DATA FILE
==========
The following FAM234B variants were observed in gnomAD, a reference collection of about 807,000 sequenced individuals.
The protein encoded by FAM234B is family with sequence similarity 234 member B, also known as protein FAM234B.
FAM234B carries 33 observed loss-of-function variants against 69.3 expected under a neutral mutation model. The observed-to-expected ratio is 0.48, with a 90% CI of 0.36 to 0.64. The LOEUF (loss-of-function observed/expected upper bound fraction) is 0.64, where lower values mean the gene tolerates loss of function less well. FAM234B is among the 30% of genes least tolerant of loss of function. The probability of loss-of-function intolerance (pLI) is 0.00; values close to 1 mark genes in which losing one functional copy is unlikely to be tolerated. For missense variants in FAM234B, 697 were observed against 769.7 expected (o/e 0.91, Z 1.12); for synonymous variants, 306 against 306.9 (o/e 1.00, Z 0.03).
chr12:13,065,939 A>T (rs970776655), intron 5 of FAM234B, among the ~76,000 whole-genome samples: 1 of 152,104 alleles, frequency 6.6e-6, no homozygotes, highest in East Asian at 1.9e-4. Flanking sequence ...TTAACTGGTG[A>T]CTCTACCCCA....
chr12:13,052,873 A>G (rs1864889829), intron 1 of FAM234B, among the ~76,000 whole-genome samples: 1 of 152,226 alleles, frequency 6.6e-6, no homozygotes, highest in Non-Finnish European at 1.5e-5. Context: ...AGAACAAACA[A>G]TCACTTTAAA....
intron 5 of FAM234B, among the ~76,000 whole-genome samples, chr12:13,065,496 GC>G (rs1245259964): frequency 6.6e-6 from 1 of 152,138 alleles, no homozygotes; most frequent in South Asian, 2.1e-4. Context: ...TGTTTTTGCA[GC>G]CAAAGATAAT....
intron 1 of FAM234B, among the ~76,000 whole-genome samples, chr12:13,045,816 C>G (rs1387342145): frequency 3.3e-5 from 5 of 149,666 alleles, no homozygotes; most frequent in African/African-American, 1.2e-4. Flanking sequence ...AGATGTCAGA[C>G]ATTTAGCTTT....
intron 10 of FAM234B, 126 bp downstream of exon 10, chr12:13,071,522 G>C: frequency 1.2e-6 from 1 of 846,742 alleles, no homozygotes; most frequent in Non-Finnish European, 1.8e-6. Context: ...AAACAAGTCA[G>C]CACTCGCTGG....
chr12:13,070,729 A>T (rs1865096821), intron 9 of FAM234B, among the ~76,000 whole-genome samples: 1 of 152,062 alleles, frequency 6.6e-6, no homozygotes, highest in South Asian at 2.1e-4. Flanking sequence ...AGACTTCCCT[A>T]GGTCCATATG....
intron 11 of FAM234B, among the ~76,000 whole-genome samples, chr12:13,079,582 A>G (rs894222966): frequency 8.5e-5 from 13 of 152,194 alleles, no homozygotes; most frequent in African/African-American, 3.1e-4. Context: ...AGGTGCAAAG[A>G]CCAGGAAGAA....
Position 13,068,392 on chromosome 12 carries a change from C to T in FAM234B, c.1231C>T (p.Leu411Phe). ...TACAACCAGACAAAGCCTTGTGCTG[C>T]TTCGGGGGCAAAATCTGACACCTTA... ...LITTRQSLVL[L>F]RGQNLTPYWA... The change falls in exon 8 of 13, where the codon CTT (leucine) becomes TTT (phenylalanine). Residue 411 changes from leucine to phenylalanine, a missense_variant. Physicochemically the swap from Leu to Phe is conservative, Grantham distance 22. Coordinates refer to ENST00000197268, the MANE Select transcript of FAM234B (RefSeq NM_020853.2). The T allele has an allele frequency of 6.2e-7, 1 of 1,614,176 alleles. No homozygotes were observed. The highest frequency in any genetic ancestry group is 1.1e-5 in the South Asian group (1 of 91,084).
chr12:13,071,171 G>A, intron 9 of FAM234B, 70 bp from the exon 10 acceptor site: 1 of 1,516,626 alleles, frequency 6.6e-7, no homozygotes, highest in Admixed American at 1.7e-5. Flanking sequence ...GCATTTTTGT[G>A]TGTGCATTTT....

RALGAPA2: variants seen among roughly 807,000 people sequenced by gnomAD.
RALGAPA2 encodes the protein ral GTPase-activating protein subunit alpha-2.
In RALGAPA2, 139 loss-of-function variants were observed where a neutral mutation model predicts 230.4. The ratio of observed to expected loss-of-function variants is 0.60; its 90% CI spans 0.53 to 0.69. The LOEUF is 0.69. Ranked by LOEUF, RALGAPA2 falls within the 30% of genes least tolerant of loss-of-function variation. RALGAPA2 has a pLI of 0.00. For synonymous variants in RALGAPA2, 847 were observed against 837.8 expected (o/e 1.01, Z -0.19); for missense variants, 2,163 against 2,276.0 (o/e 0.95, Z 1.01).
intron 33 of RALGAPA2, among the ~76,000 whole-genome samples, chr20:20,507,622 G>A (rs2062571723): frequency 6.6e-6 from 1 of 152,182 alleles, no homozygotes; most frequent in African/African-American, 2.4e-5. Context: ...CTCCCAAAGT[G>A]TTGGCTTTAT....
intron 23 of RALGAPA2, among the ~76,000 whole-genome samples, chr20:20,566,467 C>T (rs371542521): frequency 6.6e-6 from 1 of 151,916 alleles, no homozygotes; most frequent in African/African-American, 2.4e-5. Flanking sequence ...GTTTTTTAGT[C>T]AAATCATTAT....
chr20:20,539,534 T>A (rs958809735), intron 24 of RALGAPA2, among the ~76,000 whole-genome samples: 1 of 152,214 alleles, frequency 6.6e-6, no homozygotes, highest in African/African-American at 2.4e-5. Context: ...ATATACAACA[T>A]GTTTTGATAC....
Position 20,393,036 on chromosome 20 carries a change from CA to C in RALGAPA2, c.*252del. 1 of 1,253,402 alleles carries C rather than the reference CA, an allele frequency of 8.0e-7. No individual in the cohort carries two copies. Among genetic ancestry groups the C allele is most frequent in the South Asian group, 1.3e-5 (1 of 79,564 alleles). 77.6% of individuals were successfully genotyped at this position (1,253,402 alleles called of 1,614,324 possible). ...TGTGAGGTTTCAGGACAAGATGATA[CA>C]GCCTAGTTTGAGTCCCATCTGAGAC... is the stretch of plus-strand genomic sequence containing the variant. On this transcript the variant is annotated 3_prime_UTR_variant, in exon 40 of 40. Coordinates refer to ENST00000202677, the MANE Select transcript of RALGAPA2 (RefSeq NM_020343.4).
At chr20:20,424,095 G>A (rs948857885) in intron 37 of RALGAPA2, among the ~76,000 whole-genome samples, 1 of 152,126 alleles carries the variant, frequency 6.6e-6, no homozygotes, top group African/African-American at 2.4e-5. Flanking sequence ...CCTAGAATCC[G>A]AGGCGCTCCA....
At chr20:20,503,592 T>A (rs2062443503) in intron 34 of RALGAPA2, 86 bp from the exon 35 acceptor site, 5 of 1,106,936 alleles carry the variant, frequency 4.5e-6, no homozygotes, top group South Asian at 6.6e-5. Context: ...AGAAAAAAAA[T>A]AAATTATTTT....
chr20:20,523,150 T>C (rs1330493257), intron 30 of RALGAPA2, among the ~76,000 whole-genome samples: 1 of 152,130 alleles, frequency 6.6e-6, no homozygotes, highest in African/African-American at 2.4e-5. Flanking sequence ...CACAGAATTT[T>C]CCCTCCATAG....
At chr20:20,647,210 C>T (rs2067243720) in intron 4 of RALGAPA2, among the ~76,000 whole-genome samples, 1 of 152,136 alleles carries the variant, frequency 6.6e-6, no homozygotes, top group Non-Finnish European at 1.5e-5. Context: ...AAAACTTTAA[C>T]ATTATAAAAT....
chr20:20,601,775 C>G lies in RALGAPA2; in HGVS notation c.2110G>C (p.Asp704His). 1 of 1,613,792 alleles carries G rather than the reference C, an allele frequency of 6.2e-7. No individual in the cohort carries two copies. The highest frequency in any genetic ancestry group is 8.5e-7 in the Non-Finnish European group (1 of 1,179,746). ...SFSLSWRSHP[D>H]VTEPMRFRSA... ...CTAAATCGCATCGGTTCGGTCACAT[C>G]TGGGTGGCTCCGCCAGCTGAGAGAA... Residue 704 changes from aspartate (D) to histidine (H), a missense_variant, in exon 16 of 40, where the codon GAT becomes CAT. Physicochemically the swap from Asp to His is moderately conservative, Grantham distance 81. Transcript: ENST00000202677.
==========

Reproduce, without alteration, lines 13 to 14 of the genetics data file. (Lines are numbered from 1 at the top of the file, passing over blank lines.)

RALGAPA2: variants seen among roughly 807,000 people sequenced by gnomAD.
RALGAPA2 encodes the protein ral GTPase-activating protein subunit alpha-2.